Cataract is the cloud that affect the eye lens and cause its opaqueness and at the end losing vision. The treatment of the cataract can be using eye drops or by surgery. In the surgery the surgeon remove the lens injured by the cataract and replace it with a plastic lens. The patient whom suffer from cataract have problems with seeing colours, it was believed that after changing the lens to crystalens would give the patient his sight back, but the experiment of Komar proved that he got a better sight than before the surgery.
Cataracts are known to have a detrimental effect on color perception, but in Komar’s case, he didn’t just regain his old acuity: The Crystalens implant he received has given him the ability to see into the ultraviolet spectrum. While friends and family were initially skeptical of such claims, Komar secured the help of an HP engineer with access to a Monochromator; a device capable of projecting light in 10nm wavelength increments. Test results confirmed his perception. Anecdotal evidence indicates that he’s not the only Crystalens patient to see ultraviolet wavelengths following the procedure.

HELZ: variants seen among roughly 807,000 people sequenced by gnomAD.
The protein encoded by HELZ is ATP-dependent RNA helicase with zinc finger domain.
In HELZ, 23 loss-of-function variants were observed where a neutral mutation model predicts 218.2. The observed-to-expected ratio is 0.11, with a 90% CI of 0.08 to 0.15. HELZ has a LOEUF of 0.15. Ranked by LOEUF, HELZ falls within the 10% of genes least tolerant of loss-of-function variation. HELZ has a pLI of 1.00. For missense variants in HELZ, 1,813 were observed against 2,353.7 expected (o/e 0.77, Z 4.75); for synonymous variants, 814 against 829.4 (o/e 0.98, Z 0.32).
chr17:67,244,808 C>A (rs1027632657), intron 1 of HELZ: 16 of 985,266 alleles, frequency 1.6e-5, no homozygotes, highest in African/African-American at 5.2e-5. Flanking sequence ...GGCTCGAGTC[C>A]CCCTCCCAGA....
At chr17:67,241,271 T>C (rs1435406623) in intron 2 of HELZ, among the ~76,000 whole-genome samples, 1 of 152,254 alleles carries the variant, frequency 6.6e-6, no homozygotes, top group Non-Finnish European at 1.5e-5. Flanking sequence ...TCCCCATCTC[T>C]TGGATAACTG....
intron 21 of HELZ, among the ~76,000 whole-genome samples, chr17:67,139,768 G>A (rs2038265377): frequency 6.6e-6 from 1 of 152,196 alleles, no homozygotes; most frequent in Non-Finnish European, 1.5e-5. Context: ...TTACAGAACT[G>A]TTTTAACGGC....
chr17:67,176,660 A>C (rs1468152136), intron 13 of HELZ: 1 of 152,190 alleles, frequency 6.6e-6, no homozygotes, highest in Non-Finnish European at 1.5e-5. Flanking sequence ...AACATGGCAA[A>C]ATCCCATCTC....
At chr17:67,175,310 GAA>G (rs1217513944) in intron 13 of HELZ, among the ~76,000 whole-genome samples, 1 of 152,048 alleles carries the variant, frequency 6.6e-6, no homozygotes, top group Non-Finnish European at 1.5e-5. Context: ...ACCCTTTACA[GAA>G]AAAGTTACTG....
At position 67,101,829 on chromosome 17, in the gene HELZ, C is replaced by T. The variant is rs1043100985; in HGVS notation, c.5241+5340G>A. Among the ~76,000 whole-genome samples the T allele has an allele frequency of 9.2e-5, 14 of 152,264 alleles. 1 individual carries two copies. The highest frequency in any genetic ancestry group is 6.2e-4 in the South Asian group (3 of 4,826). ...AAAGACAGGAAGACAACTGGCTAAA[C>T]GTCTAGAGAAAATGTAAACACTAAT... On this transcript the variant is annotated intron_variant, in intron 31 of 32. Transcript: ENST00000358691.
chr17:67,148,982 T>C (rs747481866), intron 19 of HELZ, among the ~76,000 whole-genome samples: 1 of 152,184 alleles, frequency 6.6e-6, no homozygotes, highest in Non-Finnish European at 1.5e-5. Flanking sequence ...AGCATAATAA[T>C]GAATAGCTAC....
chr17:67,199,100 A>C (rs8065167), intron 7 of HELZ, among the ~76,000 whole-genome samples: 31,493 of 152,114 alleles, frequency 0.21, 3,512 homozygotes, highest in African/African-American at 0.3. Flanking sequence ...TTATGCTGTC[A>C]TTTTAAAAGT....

The fact that Komar can perceive ultraviolet light post-operation is evidence of both the brain’s plasticity and the fantastic complexity of color processing. Ultraviolet rays are normally blocked by the eye’s lens; they aren’t ignored by the retina or somehow filtered out by the brain. The visual cortex requires exposure from birth to develop properly. Studies indicate that individuals who regain their sight after years of total or near-total blindness have significant problems performing certain tasks. When we talk about color reproduction, we typically talk about the RGB (Red/Green/Blue) or trichromatic model that describes how these three spectra can be used to form every visible color. As it turns out, the RGB model accurately describes what the eye sees — but not what the brain processes.